Canada's Mining Endowment

The final day of this year's Mines and Money conference in London was focused on Canada, and the editor of Exploration Insights looked at the country's powerful mining sector.

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The recent Mines and Money (M&M) conference in London included a day focused on Canada. Amongst the speakers was Joe Mazumdar, the co-editor of the weekly Exploration Insights newsletter, who gave an impressive presentation on the Canadian mining industry. Mr Mazumdar talked of the huge mineral endowment of Canada's mining companies, the country's favourable ranking as a place to do business and the impressive exploration statistics.

It was an auspicious time for Mr Mazumdar to be speaking, with the previous week seeing publication of Exploration Insights' 500th edition. The newsletter is described on its website as a "synergistic collaboration between veteran economic geologists and equity analysts Joe Mazumdar and Brent Cook". The newsletter offers "the sophisticated speculator a strictly independent, unbiased, and technical analysis of the junior mining and exploration sector".

Mr Mazumdar told M&M delegates that Canadian companies own assets worth C$254 billion globally, with one-third of this being located in Canada and one-half in North America. The country produces 60 metals and minerals, worth C$44 billion in 2017, according to the metals and mining database of Natural Resources Canada. The top four mined commodities in Canada are gold, coal, copper and potash. Despite the emphasis on gold, only two of the country's largest ten mines, by extracted value, are primary gold mines (Canadian Malartic and Detour Lake).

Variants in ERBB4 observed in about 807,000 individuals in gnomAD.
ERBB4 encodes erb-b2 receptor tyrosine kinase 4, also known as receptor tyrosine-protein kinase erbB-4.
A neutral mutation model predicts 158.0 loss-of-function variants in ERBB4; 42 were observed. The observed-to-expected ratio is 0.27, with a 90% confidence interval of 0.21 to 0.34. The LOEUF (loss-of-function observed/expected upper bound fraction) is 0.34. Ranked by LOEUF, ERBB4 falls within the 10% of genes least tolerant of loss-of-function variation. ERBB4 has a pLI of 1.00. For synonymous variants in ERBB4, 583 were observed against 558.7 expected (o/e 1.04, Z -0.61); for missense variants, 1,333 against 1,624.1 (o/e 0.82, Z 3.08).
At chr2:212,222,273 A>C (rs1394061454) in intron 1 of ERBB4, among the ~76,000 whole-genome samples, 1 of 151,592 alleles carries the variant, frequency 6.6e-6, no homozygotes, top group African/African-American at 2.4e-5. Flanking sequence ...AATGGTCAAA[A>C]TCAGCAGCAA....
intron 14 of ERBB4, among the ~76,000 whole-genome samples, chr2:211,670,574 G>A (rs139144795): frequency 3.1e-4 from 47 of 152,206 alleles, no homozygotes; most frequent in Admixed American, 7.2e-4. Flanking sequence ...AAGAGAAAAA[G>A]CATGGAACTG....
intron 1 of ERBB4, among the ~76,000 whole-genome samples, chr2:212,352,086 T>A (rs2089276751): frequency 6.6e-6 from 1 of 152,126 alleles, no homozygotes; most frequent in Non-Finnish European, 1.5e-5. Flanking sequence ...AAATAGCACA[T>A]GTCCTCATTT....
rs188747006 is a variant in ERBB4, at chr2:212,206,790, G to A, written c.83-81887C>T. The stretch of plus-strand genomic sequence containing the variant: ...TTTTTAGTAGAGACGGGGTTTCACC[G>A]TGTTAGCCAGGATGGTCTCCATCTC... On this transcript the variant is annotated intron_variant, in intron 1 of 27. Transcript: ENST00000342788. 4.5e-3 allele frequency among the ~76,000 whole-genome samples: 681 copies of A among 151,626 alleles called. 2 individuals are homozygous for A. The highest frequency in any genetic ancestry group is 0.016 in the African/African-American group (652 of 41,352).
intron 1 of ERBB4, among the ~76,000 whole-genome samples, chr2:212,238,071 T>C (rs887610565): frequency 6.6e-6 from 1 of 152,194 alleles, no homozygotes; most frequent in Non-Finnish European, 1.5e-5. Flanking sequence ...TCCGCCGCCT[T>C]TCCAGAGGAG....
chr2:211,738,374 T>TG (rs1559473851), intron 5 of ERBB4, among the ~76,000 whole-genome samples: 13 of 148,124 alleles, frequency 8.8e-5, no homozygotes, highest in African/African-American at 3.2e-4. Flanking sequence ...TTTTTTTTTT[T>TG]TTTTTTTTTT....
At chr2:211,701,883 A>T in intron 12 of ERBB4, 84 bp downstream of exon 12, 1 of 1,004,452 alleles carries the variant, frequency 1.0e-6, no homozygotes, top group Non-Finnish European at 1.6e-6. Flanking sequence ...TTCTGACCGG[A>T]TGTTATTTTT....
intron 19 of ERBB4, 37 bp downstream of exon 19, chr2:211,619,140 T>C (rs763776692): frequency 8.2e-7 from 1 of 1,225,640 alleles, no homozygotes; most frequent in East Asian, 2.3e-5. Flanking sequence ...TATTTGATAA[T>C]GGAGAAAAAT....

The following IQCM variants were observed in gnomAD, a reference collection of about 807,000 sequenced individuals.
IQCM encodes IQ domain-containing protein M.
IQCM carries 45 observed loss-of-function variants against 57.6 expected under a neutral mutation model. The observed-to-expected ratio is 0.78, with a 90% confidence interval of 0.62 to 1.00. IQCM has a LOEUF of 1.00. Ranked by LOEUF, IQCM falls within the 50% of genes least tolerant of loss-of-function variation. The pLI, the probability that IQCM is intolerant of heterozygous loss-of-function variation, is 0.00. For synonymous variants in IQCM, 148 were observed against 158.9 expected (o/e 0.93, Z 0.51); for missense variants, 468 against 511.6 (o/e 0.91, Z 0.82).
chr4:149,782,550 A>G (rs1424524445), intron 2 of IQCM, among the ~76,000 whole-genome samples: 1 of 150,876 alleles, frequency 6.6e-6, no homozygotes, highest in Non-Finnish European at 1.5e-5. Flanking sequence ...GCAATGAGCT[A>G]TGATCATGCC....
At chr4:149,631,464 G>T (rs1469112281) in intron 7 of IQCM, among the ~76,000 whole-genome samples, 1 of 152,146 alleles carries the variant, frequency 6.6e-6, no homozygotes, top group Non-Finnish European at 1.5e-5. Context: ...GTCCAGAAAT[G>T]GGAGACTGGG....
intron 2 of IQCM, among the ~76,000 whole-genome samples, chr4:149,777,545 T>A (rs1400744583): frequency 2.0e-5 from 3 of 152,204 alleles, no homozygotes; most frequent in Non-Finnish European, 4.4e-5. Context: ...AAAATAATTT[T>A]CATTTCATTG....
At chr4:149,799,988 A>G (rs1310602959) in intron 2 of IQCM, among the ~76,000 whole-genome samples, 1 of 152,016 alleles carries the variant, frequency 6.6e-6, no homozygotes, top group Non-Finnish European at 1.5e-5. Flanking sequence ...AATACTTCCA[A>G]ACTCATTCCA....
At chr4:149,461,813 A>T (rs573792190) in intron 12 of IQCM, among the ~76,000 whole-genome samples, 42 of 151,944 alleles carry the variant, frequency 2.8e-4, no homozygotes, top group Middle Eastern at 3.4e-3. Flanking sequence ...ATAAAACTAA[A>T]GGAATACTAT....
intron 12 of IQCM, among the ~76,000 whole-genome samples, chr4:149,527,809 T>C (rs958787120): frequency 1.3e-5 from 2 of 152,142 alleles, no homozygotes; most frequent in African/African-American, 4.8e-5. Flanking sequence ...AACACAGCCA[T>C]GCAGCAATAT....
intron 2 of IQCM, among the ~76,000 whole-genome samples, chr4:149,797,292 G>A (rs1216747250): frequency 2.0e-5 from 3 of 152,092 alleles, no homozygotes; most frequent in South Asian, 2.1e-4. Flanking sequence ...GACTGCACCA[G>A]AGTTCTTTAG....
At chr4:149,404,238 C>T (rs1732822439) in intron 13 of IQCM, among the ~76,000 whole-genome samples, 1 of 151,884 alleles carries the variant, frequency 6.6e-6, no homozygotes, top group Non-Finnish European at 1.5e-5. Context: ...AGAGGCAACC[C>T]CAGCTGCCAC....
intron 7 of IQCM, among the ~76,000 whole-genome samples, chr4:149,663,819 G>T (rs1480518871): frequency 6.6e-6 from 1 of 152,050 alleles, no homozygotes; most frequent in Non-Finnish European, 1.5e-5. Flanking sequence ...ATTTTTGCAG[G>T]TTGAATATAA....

The top four Canadian provinces, in terms of mined production, are Ontario, Quebec, British Columbia and Saskatchewan, representing a combined 75% of the country's total mined value.

Although the US and Australia rank higher than Canada in the World Bank's annual 'Ease of doing business' ranking, Canada ranks highest in terms of transparency and the low level of corruption. Overall it is considered the most attractive venue for mining (followed by Australia), according to the 2017 Fraser Institute Survey of Mining, with Quebec and Ontario currently receiving most of the exploration funds.

In its recent survey of global exploration budgets, S&P Global Market Intelligence identified a global total of US$9.6 billion (to which it added a further US$0.5 billion of estimated exploration expenditure for companies not surveyed). Canada is expected to account for US$1.4 billion (15%) of this total, with US$0.9 billion attributable to the search for gold. Mr Mazumdar said there are 250 gold companies active in Canada.

Canada's Natural Resource Council estimates the total exploration spend this year at C$2.2 billion with the majority directed to gold exploration. The expenditures are reflected in the drilling numbers over the past two years where gold has accounted for 77% of the Canadian exploration effort, with the next highest targets being zinc on 5% and copper on 4%. Over half of the country's exploration programmes are directed to Quebec and Ontario, with budgeted expenditures of C$656 million and C$593 million in 2018, respectively.

Mr Mazumdar noted that junior companies had spent 60% of the Canadian total on exploration and appraisals ten years ago, but that this has fallen below 30% in 2015. This proportion of the search for metals is now back above 40% as the little amount available for exploration is aimed at favourable jurisdictions like Canada.

Chris Hinde

Chief Commentator, Mining Beacon

Previously editorial director of Mining Journal, and more recently head of S&P Global Market Intelligence's metals and mining team, Chris is now Mining Beacon's editor-in-chief and lead commentator. He posts two blogs every week, one on Monday reviewing market conditions over the prior week, and a second on Thursday looking at issues on the global mining scene. There is also a quarterly blog on business opportunities in the sector.